However, the architect is not the builder, and must remain at a level of abstraction necessary to ensure that they do not get in the way of practical implementation.

The following excerpt from The Art of Systems Architecting (Rechtin & Maier, 2000) depicts this notion:

“It is the responsibility of the architect to know and concentrate on the critical few details and interfaces that really matter, and not to become overloaded with the rest.”

The architect’s focus is on understanding what it takes to satisfy the stakeholders, where qualitative worth is used more than quantitative measures. The architect uses more inductive skills than the deductive skills of the builder. The architect deals more with guidelines, rather than rules that builders use as a necessity.

It also must be clear that the role of an architect may be performed by an engineer. A goal of this document is to describe the role – what should be done, regardless of who is performing it.

Thus, the role of the architect can be summarized as to:

  • Understand and interpret requirements

Probe for information, listen to information, influence people, facilitate consensus building, synthesize and translate ideas into actionable requirements, articulate those ideas to others, and identify use or purpose, constraints, risks, etc.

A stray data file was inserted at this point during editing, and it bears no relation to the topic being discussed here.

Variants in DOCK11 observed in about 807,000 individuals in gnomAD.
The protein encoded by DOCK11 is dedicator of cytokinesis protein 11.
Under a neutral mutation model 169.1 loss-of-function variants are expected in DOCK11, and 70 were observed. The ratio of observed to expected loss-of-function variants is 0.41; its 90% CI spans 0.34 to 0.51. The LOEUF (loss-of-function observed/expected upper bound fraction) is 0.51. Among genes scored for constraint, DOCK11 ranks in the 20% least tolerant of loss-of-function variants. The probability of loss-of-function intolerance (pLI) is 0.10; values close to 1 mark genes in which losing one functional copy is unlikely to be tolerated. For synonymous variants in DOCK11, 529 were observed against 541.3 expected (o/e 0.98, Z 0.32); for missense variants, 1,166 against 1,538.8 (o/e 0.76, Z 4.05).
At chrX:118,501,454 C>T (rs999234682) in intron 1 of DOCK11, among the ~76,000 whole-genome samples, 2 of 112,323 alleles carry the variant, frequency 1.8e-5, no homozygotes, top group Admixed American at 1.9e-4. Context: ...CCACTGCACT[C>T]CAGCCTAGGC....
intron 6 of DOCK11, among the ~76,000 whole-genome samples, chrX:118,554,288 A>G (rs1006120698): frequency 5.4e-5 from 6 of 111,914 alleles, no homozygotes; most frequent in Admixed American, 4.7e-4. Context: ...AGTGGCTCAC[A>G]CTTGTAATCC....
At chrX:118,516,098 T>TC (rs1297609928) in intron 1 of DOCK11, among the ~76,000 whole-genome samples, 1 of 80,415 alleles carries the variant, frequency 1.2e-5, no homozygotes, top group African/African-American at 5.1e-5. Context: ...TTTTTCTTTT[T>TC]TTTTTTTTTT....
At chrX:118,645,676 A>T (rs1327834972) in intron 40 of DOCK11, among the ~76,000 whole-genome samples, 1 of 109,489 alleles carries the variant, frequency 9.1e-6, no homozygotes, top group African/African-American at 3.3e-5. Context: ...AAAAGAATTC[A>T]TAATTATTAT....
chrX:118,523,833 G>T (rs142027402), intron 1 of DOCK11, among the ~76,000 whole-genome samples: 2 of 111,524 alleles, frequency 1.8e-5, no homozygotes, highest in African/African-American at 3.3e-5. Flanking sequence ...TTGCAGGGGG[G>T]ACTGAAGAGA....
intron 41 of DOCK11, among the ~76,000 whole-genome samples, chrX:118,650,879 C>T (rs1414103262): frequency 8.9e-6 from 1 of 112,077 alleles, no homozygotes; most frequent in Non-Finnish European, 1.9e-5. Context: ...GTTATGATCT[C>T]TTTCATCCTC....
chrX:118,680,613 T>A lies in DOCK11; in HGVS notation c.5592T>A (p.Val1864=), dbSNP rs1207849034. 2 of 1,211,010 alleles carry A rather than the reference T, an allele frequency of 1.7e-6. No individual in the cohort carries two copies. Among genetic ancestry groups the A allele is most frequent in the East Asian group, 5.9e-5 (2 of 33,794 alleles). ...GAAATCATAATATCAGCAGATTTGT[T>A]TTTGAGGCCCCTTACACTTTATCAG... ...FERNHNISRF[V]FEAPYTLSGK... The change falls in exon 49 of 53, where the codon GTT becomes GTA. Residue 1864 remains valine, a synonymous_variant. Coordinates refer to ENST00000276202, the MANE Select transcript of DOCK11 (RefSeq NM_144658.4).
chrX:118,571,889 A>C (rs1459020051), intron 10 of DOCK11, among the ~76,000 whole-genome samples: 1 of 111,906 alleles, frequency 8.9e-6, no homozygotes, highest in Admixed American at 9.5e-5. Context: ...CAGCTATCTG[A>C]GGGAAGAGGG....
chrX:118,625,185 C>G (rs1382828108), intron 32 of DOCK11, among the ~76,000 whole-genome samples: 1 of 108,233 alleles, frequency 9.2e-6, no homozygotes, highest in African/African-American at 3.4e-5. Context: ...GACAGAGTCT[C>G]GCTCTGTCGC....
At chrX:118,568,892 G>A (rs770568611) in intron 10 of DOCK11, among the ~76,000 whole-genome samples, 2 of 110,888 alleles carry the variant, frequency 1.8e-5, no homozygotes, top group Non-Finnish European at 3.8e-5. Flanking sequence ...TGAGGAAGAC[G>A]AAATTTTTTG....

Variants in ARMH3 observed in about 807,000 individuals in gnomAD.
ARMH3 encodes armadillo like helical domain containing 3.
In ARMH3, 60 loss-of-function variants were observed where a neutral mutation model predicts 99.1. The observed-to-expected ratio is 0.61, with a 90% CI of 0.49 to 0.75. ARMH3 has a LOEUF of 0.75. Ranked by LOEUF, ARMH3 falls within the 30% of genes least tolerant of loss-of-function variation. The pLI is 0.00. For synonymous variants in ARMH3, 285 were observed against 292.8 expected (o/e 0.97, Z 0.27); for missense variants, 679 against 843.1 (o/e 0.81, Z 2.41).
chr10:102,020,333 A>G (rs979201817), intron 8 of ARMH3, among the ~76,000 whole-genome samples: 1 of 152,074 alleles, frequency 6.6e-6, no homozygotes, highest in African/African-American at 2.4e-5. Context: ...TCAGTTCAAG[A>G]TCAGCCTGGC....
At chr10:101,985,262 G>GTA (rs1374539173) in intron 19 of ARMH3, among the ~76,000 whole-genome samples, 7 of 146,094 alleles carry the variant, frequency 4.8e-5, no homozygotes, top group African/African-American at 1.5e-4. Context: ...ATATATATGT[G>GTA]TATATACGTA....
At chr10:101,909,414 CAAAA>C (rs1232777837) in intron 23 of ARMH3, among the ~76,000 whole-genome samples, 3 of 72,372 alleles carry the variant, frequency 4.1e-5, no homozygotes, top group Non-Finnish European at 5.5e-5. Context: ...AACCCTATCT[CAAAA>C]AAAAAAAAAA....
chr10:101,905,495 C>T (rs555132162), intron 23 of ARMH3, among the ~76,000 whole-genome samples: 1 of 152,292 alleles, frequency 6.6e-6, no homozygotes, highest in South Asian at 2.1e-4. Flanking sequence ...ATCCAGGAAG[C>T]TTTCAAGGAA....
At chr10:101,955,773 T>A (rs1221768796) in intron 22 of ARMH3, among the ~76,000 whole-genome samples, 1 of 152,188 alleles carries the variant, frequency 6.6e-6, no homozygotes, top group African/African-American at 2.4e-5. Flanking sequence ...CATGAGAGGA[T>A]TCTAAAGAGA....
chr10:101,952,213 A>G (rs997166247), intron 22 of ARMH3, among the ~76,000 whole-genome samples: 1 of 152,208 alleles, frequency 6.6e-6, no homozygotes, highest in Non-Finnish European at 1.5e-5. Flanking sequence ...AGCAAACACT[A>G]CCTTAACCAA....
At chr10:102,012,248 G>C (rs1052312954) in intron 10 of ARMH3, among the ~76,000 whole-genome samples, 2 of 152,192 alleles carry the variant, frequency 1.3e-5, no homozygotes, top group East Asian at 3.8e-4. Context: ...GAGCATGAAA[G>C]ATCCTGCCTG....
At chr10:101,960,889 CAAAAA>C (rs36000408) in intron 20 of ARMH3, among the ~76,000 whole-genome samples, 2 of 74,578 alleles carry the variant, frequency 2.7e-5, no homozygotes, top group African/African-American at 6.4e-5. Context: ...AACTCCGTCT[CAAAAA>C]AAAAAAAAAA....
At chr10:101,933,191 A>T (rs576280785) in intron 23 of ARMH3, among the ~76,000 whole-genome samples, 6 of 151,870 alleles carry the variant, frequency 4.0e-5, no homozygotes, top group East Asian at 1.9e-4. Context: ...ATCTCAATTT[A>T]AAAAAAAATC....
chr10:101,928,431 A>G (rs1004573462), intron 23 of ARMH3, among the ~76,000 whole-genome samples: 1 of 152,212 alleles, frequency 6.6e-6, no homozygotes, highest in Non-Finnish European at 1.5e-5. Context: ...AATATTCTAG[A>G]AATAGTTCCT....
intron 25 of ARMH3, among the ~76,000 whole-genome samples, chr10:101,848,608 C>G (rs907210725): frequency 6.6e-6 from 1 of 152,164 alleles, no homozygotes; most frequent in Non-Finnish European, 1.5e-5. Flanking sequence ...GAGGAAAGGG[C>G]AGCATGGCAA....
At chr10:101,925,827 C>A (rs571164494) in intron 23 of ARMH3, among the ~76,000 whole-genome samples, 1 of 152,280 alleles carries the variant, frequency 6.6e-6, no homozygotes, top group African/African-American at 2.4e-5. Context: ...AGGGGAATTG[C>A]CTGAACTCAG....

The architect participates in the discovery and documentation of the customer’s business scenarios that are driving the solution. The architect is responsible for requirements understanding and embodies that requirements understanding in the architecture specification.

  • Create a useful model

Take the requirements and develop well-formulated models of the components of the solution, augmenting the models as necessary to fit all of the circumstances, and show multiple views through models to communicate the ideas effectively.

The architect is responsible for the overall architecture integrity and maintaining the vision of the offering from an architectural perspective. The architect also ensures leverage opportunities are identified, using building blocks, and is a liaison between the functional groups (for example, development and marketing) to ensure that the leverage opportunities are realized.

The architect provides and maintains these models as a framework for understanding the domain(s) of development work, guiding what should be done within the organization, or outside the organization. The architect must represent the organization view of the architecture by understanding all the necessary business components.

  • Validate, refine, and expand the model

Verify assumptions, bring in subject matter experts, etc. in order to improve the model and to further define it, adding as necessary new ideas to make the result more flexible and more tightly linked to current and expected requirements.